Meantime, the little faith we have forms a top soil in which hope from the seed of promise sprouts, but is often hindered from taking full root and producing good fruit by the error of expectation unfulfilled in the way we anticipate.

Jesus, in Matthew 21:43, told the Pharisees of their day – and ours: Pharisee representing a spirit of hypocrisy in our day, “Therefore I say to you, the kingdom of God will be taken away from you and given to a people, producing the fruit of it.” That’s us, folks, the one who has faith in our day that He is who He says He is, and though we do not see it yet, we know the promise of eternity is coming to fruition in due season and in God’s way—not mans. Thus through faith we allow that hope to work in our lives in ways that produce a crop that honors God, making His Promise known to all who see.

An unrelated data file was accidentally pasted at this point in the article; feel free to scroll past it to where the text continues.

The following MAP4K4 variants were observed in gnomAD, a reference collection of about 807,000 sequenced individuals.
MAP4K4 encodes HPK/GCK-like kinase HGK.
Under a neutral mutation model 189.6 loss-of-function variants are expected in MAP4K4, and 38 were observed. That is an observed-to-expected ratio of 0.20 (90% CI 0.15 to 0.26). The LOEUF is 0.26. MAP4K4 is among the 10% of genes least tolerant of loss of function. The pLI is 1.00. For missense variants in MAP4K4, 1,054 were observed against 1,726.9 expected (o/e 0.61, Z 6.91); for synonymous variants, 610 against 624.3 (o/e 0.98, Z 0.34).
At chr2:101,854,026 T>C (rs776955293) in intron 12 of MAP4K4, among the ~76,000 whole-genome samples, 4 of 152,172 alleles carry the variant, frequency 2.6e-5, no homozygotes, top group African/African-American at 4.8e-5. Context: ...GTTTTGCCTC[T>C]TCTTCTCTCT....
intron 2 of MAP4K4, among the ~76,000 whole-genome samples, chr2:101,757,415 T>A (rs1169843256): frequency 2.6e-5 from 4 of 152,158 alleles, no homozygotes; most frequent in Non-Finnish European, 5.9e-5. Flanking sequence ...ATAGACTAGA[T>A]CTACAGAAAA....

Earlier in this same chapter of scripture Jesus cursed a fig tree for failing to produce fruit, proclaiming that it would never do so again. Then He explained to the disciples questioning the act that failure to produce fruit is a sign of lack of faith to believe.

Faith is the producer of good soil in the heart of man. The greater our faith to believe God and trust His way of doing over our desire and expectation, the deeper the soil of our heart will be; ready to receive the seed of His word and produce a crop of good fruit into the earth.

What is this fruit of the Kingdom?